This is how to bet on horses in a few easy steps:
That’s how to place a bet on horse racing in a handful of straightforward steps. It sounds simple, but the process of finding winners is more difficult. We’re going to show you how to bet on horses in the UK and do well. There is so much to consider. Knowing how to place a bet on the horses is one thing, but what type and which runner to back are different matters entirely.
A key aspect of learning how to bet on horse racing is to understand the various different wagers available. These are the most popular types of bet punters place on the action:
A horse racing accumulator sees you pick a horse in different races and put them together on the same slip. We’ve more on what is acca betting elsewhere on site too if you want to know more about how they work. Here are the three main types of accumulator:
You can also take your accumulators and turn them into full cover bets, or combination and system wagers. This means as well as an acca with however many selections in it, there are also other permutations based on separate events like all possible Trebles, Doubles and even Singles:
If you want to know how to bet on horses in the UK, then there are three ways of going about it. Most punters take fixed odds prices offered by the bookies, while pool betting on the Tote is an alternative service. You can also bet on the exchanges, but more on those later. Each of these approaches to gambling on horse racing serves a slightly different section of the betting public.
Pari-mutuel betting pools like those provided by the Tote work well if you aren’t concerned about prices. You won’t know the returned dividends, i.e. the payouts, in advance. These things are only calculated with Tote betting after the race has been run. This is because of how the pari-mutuel wagering system works.
A fixed odds bet, meanwhile, sees you receive a return relative to the stake you bet based on the prices offered by traders on online bookmakers’ sites. You can thus know, or at least work out, in advance what you stand to gain from such a wager. That’s the main different between fixed odds prices and pool betting in a nutshell.
The format determines how betting odds work, whatever sport you’re wagering on. As it’s no different with horse racing, this is how you calculate what you could win. With fractional odds, which after all are the traditional way of expressing prices here, you look at the ratio of denominator to numerator to see potential profits.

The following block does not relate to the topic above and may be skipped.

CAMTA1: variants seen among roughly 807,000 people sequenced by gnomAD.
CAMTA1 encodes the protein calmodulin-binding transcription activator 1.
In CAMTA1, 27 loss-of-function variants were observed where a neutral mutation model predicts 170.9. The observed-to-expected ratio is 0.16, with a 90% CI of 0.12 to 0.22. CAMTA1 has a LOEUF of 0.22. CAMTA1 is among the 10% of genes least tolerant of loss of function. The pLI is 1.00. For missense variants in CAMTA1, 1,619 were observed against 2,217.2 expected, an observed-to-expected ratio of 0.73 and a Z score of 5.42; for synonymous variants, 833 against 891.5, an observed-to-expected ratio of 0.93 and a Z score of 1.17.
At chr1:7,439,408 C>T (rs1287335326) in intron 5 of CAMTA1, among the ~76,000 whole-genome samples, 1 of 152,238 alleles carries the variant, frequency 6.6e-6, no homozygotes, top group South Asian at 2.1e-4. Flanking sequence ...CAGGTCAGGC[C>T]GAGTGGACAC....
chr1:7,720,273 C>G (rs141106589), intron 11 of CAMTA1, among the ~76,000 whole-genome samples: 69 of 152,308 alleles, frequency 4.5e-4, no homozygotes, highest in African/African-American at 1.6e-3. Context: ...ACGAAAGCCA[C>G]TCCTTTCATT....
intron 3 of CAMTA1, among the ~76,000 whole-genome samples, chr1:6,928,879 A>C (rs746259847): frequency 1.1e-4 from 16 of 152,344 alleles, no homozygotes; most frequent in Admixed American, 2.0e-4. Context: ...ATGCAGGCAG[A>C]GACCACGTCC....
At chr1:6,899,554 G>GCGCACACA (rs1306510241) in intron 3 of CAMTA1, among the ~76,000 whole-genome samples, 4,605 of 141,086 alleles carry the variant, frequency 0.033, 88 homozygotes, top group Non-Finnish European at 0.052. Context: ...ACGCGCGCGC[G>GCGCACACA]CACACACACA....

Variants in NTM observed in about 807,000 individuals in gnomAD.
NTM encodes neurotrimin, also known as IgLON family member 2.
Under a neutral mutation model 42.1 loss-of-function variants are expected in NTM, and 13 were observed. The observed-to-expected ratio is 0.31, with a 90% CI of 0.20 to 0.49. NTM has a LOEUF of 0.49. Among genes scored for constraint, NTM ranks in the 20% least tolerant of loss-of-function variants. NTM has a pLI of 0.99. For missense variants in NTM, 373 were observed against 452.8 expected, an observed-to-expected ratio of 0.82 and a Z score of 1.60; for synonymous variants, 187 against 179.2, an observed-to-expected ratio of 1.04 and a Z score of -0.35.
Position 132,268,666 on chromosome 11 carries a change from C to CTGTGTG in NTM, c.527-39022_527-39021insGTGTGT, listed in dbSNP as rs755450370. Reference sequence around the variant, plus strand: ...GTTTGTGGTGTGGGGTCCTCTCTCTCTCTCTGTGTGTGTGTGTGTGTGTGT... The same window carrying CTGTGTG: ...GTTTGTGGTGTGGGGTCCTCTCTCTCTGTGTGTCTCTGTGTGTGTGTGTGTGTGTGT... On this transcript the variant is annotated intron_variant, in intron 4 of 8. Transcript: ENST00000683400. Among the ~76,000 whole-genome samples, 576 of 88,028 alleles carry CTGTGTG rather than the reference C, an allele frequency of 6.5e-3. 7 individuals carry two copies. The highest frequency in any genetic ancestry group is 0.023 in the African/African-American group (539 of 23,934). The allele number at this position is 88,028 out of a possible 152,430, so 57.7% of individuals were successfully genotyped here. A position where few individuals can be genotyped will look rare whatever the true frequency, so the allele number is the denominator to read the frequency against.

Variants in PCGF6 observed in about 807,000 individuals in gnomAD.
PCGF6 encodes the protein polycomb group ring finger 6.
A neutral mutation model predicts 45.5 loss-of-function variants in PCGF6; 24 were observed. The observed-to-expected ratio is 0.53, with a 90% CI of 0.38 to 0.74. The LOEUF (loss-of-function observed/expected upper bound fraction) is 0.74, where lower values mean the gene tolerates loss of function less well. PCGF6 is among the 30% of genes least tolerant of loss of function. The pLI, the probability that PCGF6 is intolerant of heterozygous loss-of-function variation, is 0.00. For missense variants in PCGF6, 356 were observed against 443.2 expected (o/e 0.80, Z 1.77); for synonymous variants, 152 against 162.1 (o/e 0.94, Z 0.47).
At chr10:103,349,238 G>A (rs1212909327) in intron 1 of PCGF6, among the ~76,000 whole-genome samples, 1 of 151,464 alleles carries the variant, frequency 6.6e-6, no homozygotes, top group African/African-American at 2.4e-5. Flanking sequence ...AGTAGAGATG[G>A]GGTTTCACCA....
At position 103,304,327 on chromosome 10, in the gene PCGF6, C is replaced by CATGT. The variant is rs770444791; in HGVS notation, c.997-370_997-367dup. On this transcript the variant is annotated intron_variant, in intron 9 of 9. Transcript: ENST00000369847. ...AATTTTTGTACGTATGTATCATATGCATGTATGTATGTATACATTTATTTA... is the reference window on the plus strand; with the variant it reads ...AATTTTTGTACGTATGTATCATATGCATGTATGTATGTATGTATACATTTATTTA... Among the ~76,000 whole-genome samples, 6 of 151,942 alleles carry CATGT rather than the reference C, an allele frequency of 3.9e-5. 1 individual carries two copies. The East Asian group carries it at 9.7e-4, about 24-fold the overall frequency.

Let’s say you back a horse at odds of 9/4 and put £20 on the bet. For every £4 wagered, you receive £9 in winnings. A £20 stake here means £45 in profit. Calculating total returns from a fraction also requires you to add the stake on, so the you get £65 back from the bookies if the horse wins.
With decimal odds, it’s even simpler. You just multiply the number by the stake and get total returns that way. A £20 bet multiplied by the decimal form price of 3.25 equals £65. For working out the profit, you just have to subtract the stake from the final total. For working out the profit, you just have to subtract the stake from the final total. If you want to take all the hard work out of number crunching, we have a horse bet calculator on the site that does all the sums automatically.
It’s not all about finding the winner, if there’s value in backing horses to finish placed. This is where you need an understanding of what does each way mean in betting in order to appreciate it something many gambling experts agree on. This is the best way to bet on horse racing as you can still make money without an outright win.
To briefly explain, the each way bet is one where you wager on the horse both finishing first and placed in the race. Your unit stake doubles to cover both aspects. A £5 each way bet has a £10 total outlay, for example. There are place terms that the bookies must adhere to, as laid out in the Tattersalls Committee Rules on Betting under Rule 3.
If less than five runners turn up, ten each way betting isn’t on the table at all. When there’s five, six or seven horses lining up, you get two places. Third place pays out if there are eight or more runners. Larger fields of 16 and above pay four places. There are also precise fractions, either a quarter or a fifth of outright betting odds depending on how many runners and if it’s a handicap or not, for the places.
That means for those wondering how to bet on horses each way properly, you need to consider the prices on offer. If the fraction of outright betting paid is a quarter, you must have odds of 4/1 (5.00) as the minimum to break even on the place. Should the fraction only be a fifth, meanwhile, then the threshold for doing so rises to 5/1 (6.00). Understanding that can change your whole approach to a wager on horse racing.